Use this URL to cite or link to this record in EThOS: http://ethos.bl.uk/OrderDetails.do?uin=uk.bl.ethos.498257
Title: Design and integrity of deterministic system architectures
Author: Smith, Richard Bartlett
Awarding Body: University of London
Current Institution: University College London (University of London)
Date of Award: 2007
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Abstract:
Architectures represented by system construction 'building block' components and interrelationships provide the structural form. This thesis addresses processes, procedures and methods that support system design synthesis and specifically the determination of the integrity of candidate architectural structures. Particular emphasis is given to the structural representation of system architectures, their consistency and functional quantification. It is a design imperative that a hierarchically decomposed structure maintains compatibility and consistency between the functional and realisation solutions. Complex systems are normally simplified by the use of hierarchical decomposition so that lower level components are precisely defined and simpler than higher-level components. To enable such systems to be reconstructed from their components, the hierarchical construction must provide vertical intra-relationship consistency, horizontal interrelationship consistency, and inter-component functional consistency. Firstly, a modified process design model is proposed that incorporates the generic structural representation of system architectures. Secondly, a system architecture design knowledge domain is proposed that enables viewpoint evaluations to be aggregated into a coherent set of domains that are both necessary and sufficient to determine the integrity of system architectures. Thirdly, four methods of structural analysis are proposed to assure the integrity of the architecture. The first enables the structural compatibility between the 'building blocks' that provide the emergent functional properties and implementation solution properties to be determined. The second enables the compatibility of the functional causality structure and the implementation causality structure to be determined. The third method provides a graphical representation of architectural structures. The fourth method uses the graphical form of structural representation to provide a technique that enables quantitative estimation of performance estimates of emergent properties for large scale or complex architectural structures. These methods have been combined into a procedure of formal design. This is a design process that, if rigorously executed, meets the requirements for reconstructability.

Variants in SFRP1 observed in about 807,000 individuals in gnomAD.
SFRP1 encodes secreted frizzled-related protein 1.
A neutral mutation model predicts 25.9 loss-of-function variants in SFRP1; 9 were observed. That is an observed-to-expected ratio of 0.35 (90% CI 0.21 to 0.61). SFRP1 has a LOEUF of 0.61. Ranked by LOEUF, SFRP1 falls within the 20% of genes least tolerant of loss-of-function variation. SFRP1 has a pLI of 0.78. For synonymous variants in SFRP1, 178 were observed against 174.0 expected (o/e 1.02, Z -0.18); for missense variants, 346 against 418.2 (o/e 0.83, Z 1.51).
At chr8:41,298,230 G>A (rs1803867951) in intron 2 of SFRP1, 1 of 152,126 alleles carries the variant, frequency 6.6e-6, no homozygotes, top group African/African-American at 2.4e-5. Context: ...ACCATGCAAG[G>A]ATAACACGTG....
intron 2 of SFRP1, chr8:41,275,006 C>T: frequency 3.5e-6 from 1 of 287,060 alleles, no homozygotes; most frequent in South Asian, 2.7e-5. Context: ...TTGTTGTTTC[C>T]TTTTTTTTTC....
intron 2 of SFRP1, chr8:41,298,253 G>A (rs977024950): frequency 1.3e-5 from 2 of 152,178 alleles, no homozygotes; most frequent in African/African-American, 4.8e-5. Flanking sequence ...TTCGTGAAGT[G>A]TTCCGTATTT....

Supervisor: Not available Sponsor: Not available
Qualification Name: Thesis (Ph.D.) Qualification Level: Doctoral
EThOS ID: uk.bl.ethos.498257  DOI: Not available
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